For centuries, some of the world's most successful settlements have been built around critical linear infrastructure – rivers, canals, roads and railway lines. London's growth along the Thames; the emergence of railroad towns like Fresno and Reno on the American frontier; access to transport has fostered trade, immigration and economic growth throughout history. Since 2013, a corridor approach to economic development has emerged once again. Accelerating development, promoting industrial clusters and attracting untapped inward investment, corridor schemes will be instrumental to the UK forging a strong place for itself in a post-Brexit world.
The UK's ground-breaking strategic corridor proposals are symptomatic of a step change in transport planning. They connect our coasts and cross-city and county boundaries, bringing together local, national and international infrastructure pathways. In a climate of ongoing austerity, economic corridor approaches catalyse development over large geographical areas, making the case for slow incremental improvement schemes to be accelerated into more ambitious transformative initiatives. Backed by detailed evidence, economic corridors boast strong benefit-cost ratios, highlight specific growth opportunities and maximise industrial strengths, enabling the realisation of inclusive development which supports housing, schools and leisure facilities, as well as traditional businesses.
The M4 corridor is a shining example of such development in action. Since its birth in the 1980s, the UK's largest regional tech cluster, 'Silicon Alley', has become home to, amongst others, China's Huawei, Korea's LG, and America's Amazon, Microsoft and Dell. Defined by its proximity to major motorway and rail links, the M4 corridor continues to attract the pool of talent needed for its high-tech, research-led industries to flourish.
It's not just here in the UK. Economic corridors are now connecting regions in Singapore, India, China and Pakistan. The Delhi-Mumbai Industrial Corridor (DMIC) demonstrates the scale these projects can reach. One of the world's largest and most ambitious schemes, it will link India's capital city and financial centre via a swathe of development along a 1,500km long freight corridor, including two international airports, eight smart cities and two logistics hubs. The $90billion project is supported by Japanese investors and promises to quadruple the region's exports following its completion in 2037.
Looking to the future, England's new Sub-national Transport Bodies (STBs) are making the case for the development of corridors linking the Irish Sea and North Sea, the world's two most recognisable universities, and ports in the Bristol Channel and the Humber. Manufacturing, logistics, distribution, agri-food and agri-tech business are all found on the A46; they all rely on the route to prosper. Midlands Connect is proposing a corridor approach to the A46 which will accelerate a route-wide upgrade of this vital east-west pathway, opening up access to labour, supply chains and domestic markets, as well as maximising the corridor's potential as a major export centre. 22% of everything made along the A46 is exported – almost 50% more than the national export average. Improving the speed and reliability of access to international gateways like Birmingham and East Midlands airports, as well as the Humber and Bristol ports, will create a globally-competitive economic corridor, allowing businesses to further exploit the international marketplaces they already serve so effectively.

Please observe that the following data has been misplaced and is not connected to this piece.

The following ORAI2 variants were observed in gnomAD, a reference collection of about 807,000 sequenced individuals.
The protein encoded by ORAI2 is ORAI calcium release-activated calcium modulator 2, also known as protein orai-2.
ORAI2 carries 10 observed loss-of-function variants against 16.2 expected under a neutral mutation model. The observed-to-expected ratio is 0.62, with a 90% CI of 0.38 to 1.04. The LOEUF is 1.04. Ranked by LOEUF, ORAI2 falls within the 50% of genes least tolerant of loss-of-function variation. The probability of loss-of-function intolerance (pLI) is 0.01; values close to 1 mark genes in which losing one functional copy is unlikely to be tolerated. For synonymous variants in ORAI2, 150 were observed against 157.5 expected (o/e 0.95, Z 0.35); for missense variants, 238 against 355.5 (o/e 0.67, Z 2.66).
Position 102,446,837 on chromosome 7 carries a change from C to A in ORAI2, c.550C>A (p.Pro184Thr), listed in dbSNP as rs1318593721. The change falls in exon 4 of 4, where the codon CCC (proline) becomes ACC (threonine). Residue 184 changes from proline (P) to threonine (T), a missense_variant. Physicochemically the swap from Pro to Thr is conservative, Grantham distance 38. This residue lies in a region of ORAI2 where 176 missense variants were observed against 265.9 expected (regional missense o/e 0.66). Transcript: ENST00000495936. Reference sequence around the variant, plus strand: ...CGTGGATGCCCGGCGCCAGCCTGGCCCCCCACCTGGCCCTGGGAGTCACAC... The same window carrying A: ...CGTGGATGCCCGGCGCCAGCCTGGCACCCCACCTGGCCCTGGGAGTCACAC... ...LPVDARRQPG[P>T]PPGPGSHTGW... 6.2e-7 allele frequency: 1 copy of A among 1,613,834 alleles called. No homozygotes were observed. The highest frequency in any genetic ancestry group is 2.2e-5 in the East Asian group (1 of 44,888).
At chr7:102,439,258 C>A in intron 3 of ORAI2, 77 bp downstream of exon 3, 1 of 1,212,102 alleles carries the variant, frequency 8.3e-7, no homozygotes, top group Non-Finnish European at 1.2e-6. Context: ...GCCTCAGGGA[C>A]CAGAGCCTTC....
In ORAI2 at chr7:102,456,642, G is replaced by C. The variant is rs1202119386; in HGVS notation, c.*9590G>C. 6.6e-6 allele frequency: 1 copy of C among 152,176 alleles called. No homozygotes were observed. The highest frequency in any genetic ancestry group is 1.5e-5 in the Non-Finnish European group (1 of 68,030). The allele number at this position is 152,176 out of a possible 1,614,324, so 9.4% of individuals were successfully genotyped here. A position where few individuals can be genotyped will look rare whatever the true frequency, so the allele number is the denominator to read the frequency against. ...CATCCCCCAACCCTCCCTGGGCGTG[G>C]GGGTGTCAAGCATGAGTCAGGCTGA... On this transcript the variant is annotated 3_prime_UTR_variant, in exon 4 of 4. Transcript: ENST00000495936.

Midlands Connect's fellow STBs, England's Economic Heartland (EEH) and Transport for the North (TfN), are following the same theory. EEH is leading plans to link Oxford and Cambridge by rail and the nearby A34 and A14 with a new expressway. TfN is bringing forward plans for Northern Powerhouse Rail, a high frequency rail corridor running from Liverpool to Hull via Manchester and Leeds, while upgrading the A66 between Carlisle and Newcastle will connect northern England's "energy coasts".
The centuries-old relationship between infrastructure and prosperity is based on a tried and tested notion – create the means to move people and goods, and commerce will thrive. By reimagining this formula in the 21st Century, we can maximise the industrial strengths of our existing towns and cities, unleashing their untapped potential and creating new opportunities. Economic corridors focus on movement patterns and infrastructure that cross civic boundaries, demonstrating why the sort of collaboration, partnership working and pan-regional thinking that can only be found amongst STBs, is an essential new ingredient to public life.
Maria Machancoses is Director of Sub-national Transport Body Midlands Connect